Desktop User Guides > Professional > Table scripting > Getting started > Weighting tables

Weighting tables
Sample script file: WeightedTables.mrs
Weighting is another term for sample balancing. You use it when you want the figures in your tables to be an accurate reflection of the target population. For example, of the 602 respondents interviewed in the Museum survey, 56.31% were male and 43.69% were female. However, you might want to adjust the figures to reflect an even balance between the genders. You can do this using the genbalance variable, which is a special weighting variable that has been set up to inflate the responses from the female respondents and deflate the responses from the male responses so that when you use it to weight your tables, they will reflect an even balance between the genders.
Table of age by gender, weighted using genbalance variable
To use the genbalance variable to weight a table of age by gender like the one shown in Creating a simple table of Age by Gender, you could use this script:
TableDoc.Tables.AddNew("Table1", "age * gender", "Weighted table of Age by Gender")
TableDoc.Table1.Weight = "GenBalance"
This example refers to the table in the Tables collection of the Table Document using its name. This is possible only in mrScriptBasic because of its dynamic property expansion feature and is equivalent to referring to the table by its index in the collection. For example, the following lines are equivalent:
TableDoc.Table1.Weight = "GenBalance"
TableDoc.Tables.Table1.Weight = "GenBalance"
TableDoc.Tables.Weight = "GenBalance"
TableDoc.Tables["Table1"].Weight = "GenBalance"
Here is the table produced by the script: Notice that in this example the counts are shown with two decimal places by changing the number of decimal places for the counts default cell item:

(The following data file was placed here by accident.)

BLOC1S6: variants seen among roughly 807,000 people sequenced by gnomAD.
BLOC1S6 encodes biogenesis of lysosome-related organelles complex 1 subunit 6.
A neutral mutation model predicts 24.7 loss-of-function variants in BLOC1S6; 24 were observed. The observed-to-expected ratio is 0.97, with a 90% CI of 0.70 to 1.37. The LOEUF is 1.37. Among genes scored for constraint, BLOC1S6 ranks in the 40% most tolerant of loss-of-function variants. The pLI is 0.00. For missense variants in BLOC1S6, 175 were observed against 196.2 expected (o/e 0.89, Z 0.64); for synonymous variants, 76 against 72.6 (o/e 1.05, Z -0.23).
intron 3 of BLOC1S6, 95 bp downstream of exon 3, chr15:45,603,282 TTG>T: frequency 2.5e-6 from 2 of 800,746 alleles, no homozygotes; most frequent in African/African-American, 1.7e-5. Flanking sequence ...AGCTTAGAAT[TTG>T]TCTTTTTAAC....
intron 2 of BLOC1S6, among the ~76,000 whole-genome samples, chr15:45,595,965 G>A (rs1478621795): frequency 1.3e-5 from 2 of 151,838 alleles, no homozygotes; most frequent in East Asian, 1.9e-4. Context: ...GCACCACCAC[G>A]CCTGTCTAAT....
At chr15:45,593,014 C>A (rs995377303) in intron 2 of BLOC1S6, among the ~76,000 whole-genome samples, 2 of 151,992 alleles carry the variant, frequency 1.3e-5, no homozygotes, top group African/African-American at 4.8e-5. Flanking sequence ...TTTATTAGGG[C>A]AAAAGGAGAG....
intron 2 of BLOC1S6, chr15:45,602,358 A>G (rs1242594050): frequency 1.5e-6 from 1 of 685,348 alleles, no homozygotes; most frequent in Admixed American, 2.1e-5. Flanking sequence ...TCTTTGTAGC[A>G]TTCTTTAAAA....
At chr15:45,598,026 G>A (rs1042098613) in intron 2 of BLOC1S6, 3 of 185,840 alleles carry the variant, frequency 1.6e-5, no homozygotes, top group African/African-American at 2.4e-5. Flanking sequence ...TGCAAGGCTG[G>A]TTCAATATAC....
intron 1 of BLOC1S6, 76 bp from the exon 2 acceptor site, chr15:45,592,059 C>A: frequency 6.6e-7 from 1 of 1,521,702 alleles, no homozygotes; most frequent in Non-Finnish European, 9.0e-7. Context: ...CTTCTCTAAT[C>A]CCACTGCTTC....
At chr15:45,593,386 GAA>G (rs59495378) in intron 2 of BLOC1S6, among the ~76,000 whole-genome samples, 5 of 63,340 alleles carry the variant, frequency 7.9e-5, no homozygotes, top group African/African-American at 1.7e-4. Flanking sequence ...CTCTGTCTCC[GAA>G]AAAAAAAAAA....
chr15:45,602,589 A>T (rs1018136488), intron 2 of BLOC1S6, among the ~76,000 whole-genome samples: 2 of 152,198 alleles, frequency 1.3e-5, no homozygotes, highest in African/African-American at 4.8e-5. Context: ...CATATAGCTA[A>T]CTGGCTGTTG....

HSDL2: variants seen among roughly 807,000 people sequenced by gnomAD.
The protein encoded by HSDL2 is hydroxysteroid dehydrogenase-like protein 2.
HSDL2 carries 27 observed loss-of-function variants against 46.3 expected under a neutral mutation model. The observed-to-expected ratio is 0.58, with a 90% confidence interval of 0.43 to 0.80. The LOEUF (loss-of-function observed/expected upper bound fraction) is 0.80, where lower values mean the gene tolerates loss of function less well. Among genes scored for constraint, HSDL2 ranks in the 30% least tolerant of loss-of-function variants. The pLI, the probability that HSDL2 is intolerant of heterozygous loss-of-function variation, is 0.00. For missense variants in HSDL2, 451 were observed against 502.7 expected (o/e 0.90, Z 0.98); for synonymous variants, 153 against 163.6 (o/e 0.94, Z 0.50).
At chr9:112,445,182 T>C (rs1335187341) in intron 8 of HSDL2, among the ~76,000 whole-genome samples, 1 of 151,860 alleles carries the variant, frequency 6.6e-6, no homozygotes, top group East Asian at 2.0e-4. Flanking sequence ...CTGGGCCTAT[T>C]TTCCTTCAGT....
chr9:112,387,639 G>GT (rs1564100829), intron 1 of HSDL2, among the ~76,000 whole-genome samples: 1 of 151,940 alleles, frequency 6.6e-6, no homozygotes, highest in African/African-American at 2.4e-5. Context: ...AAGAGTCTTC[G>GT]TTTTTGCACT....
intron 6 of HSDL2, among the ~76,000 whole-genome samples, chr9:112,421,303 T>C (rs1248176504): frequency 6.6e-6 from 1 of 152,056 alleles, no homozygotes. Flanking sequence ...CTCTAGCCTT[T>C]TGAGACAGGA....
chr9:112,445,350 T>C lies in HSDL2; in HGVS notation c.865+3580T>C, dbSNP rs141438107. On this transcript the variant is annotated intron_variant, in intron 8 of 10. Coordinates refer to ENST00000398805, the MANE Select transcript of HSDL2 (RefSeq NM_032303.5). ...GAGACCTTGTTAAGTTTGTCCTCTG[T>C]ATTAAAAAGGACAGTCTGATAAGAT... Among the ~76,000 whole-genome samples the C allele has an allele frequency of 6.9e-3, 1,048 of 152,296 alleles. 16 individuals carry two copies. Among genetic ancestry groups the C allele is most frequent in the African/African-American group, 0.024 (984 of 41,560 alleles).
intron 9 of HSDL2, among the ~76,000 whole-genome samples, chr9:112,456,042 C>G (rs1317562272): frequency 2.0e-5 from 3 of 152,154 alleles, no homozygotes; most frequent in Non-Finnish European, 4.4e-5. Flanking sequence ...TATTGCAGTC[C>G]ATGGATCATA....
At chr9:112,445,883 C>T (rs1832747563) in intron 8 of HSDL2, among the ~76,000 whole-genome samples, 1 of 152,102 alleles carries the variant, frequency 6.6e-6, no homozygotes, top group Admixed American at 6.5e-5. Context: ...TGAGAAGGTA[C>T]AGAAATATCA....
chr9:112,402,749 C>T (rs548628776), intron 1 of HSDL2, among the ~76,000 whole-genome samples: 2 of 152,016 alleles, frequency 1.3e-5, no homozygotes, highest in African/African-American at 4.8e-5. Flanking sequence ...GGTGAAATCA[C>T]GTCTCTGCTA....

TableDoc.Default.CellItems.Decimals = 2
Table of age by gender, weighted using genbalance variable, with weighted and unweighted counts
If you compare the results with the unweighted table we created in Creating a simple table of Age by Gender, you will see that an Unweighted Base row and column have been added to the table automatically and the base row now shows equal numbers of male and female respondents. If a table is weighted, counts created using the Count keyword are always weighted. However, you can add unweighted counts to the table. Here is the script to create a similar table, but this time showing the unweighted counts as well as the weighted counts:
TableDoc.Tables.AddNew("Table2", "age * gender", "Weighted table showing unweighted counts")
TableDoc.Table2.Weight = "GenBalance"
TableDoc.Table2.CellItems.AddNew(8, 2) ' itUnweightedCount = 8
Here is the table produced by the script: By default, an unweighted base element is added to all weighted tables. This is because it is good practice to show the unweighted base values in addition to the weighted base values. However, the unweighted base elements are not necessary in this table, because we are showing the unweighted counts. You can stop the unweighted base elements being added to the table by setting the AutoUnweightedBases table property (see Table properties) to False. The unweighted base element is added when you add the weighting to the table, so you need to set the property before you weight the table. For example:
With TableDoc.Tables
.AddNew("Table3", "age * gender", "Weighted table without automatic
unweighted base elements")
.Table3.Properties["AutoUnweightedBases"] = False
.Table3.Weight = "GenBalance"
.Table3.CellItems.AddNew(8, 2) ' itUnweightedCount = 8
End With
Note that if we were not showing the unweighted counts in the table, we should include the unweighted base elements, in order to comply with good practice guidelines. See Base element for more information.
By default, details of the weighting variable are shown in the right header position. See Annotation positions for more information.
Weighting variables must be numeric variables. However, not all numeric variables are suitable for use as weights. Generally, weighting variables are created specially, typically using the Weight component. See Working with the Weight component for more information.
Requirements
UNICOM Intelligence Reporter
Next
Working with numeric variables